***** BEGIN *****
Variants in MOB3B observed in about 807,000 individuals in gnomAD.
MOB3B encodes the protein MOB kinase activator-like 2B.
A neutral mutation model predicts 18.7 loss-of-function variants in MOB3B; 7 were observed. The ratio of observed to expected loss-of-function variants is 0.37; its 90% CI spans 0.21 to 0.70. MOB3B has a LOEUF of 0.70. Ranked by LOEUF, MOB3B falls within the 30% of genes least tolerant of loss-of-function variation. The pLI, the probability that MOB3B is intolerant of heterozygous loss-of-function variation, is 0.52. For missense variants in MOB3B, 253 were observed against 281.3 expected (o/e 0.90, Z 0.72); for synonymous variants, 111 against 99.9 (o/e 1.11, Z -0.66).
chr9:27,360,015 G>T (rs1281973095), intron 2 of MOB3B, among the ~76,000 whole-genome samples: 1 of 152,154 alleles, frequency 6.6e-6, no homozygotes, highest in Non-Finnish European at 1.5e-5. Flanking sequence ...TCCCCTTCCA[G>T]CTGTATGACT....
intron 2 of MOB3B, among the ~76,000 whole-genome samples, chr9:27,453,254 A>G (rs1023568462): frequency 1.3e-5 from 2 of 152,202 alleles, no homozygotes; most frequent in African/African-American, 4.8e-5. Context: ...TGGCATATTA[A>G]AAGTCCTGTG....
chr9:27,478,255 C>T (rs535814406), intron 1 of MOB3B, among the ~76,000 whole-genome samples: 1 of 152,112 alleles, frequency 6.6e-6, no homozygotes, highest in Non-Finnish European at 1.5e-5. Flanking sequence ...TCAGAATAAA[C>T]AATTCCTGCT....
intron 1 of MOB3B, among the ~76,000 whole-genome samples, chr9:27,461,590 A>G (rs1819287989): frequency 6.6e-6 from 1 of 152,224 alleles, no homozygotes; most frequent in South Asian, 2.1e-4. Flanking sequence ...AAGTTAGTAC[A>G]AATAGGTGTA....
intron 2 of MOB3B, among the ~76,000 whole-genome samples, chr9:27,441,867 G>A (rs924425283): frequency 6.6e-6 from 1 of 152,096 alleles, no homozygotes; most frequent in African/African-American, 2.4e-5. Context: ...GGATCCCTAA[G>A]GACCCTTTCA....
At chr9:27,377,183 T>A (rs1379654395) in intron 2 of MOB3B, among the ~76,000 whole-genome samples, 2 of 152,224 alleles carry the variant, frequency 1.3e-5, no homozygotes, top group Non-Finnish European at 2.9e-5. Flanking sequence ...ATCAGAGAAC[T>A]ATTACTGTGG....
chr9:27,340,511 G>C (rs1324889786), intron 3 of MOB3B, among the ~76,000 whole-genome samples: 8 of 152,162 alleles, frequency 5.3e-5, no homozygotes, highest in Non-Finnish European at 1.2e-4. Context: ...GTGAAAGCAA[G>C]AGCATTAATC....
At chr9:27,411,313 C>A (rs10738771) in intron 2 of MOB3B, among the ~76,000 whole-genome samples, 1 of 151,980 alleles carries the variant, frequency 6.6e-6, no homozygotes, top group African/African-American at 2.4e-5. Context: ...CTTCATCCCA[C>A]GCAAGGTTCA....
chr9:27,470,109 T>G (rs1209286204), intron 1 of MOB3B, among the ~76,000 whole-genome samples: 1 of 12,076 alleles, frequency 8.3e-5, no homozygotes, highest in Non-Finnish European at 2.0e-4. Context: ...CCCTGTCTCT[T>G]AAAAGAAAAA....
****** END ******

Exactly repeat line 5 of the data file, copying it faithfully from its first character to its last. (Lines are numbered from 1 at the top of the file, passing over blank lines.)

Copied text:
intron 2 of MOB3B, among the ~76,000 whole-genome samples, chr9:27,453,254 A>G (rs1023568462): frequency 1.3e-5 from 2 of 152,202 alleles, no homozygotes; most frequent in African/African-American, 4.8e-5. Context: ...TGGCATATTA[A>G]AAGTCCTGTG....